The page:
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Three strikes, you're out! Why accounting profit isn't about money.

April 11, 2017

This morning, I read a report that longstanding Japanese company, Toshiba, may have to close its doors.  Why?  Not making money.  


Businesses must make money to exist.  The common proxy for assessing how much money a company has made is profit.  Question. "Is profit an effective proxy?"  Answer?  No.


In my last post, I talked about why the math of profit makes no sense.  Why?  You can't add (subtract) apples from oranges, but this is what some profit calculations do.  This time, I will share three other simple reasons why profit doesn't reflect cash.


1.  Revenue recognition.  In accounting, you can sell something and recognize the revenue without having received money.  Assume you sell something on 12/31 of 2017 and are paid on 1/1/2018.  You can recognize the sale and capture it in your 2017 profit even though you won't get paid until 2018.  

Strike 1.


2.  Cost matching.  Say you spent money making widgets in 2017 but you don't sell them until 2018.  The value is calculated as a part of your profit in 2018 when sold, not 2017 when you spent the money.  

Strike 2.


3.  Profit isn't unique.  Calculating the costs that go into profit starts with a real situation.  You buy and pay for capacity (space, labor, materials, etc), you consume it, and you create output.  This is clear and unambiguous.  You bought 8 hours of labor. You consume, 6 hours making 25 units of output.  Unambiguous.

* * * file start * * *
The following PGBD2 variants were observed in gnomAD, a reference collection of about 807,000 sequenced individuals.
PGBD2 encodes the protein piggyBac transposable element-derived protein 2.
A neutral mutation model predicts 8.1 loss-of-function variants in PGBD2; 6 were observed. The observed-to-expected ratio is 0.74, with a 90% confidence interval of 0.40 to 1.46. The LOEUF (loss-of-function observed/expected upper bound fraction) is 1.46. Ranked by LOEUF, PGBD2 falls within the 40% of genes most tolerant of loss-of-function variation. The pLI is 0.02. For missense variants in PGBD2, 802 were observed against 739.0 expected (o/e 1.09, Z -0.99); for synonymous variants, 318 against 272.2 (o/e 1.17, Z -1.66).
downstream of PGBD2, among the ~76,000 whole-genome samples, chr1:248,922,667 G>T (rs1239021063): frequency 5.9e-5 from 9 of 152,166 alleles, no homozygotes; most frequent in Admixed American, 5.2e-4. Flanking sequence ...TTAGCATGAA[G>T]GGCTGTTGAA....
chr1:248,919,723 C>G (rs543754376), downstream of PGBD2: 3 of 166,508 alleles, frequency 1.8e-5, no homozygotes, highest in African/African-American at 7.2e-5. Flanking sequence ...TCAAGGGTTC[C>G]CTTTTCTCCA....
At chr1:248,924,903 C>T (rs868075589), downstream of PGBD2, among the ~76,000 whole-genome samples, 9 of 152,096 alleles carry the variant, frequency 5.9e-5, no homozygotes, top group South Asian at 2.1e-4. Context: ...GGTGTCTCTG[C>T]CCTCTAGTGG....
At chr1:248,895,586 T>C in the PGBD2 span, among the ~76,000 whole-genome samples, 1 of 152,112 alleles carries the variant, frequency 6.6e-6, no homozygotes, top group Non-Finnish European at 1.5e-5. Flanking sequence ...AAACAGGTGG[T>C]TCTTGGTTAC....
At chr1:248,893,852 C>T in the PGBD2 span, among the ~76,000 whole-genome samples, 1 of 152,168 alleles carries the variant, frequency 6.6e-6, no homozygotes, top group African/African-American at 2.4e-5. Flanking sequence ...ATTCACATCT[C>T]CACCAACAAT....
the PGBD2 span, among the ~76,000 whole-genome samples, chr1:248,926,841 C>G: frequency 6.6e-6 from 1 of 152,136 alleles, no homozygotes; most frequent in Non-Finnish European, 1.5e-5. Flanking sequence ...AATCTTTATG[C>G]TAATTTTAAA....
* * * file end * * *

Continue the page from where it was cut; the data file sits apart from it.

Now comes accounting.  If you want a cost for the output, you'll have to calculate it.  Why?  Because there is no direct relationship between where money is spent, buying capacity, and what you do with it, creating output.  


Consider this.  Assume long distance calls are 10¢ per minute.  A ten minute long distance call will cost $1.  How much is a ten minute local call if you pay $25 per month for unlimited access?  Don't know right?  Why?  Because what you bought access, is independent of how you use it, calls.  The number of calls, the location, and the length of the call, while perhaps useful, doesn't affect the $25 you paid.  The values are independent.

 Figure 1:  Unambiguous data are plugged into accounting assignment/allocation algorithms to calculate costs.


Since the values are independent, you have to make up a relationship to tie them together (Figure 1).  This is what cost accounting is all about; making up relationships.  You don't need cost accounting for long distance calls where there is a relationship between length and cost.  But you do for local calls where there isn't.


Each cost accounting methodology has a different way to assign or allocate costs.  Each approach creates a different answer - a different cost (Figure 2).  


Figure 2:  Cost accounting must create a relationship between independent things; what you bought, how it was used, and what was created.  Because they're independent, the relationship is ambiguous.  This is why there are so many costing methodologies.  Each one seeks to create a "less ambiguous" way to calculate costs.


If revenues are the same but costs are different, profits will be different.


If you spent money one way, how can the choice of an approach affect how much money you've made?  It can't.  


Strike 3.  You're out.


Ultimately, profit has little if anything to do with how much money you've made.


In the next post, I'll begin talking about why costing and cost accounting is not smart management.


Until then, peace to you.  Make sure you follow me on Facebook and Twitter to keep up with the latest news!




 For more information about the topics covered here, get a copy of Lies, Damned Lies, & Cost Accounting.

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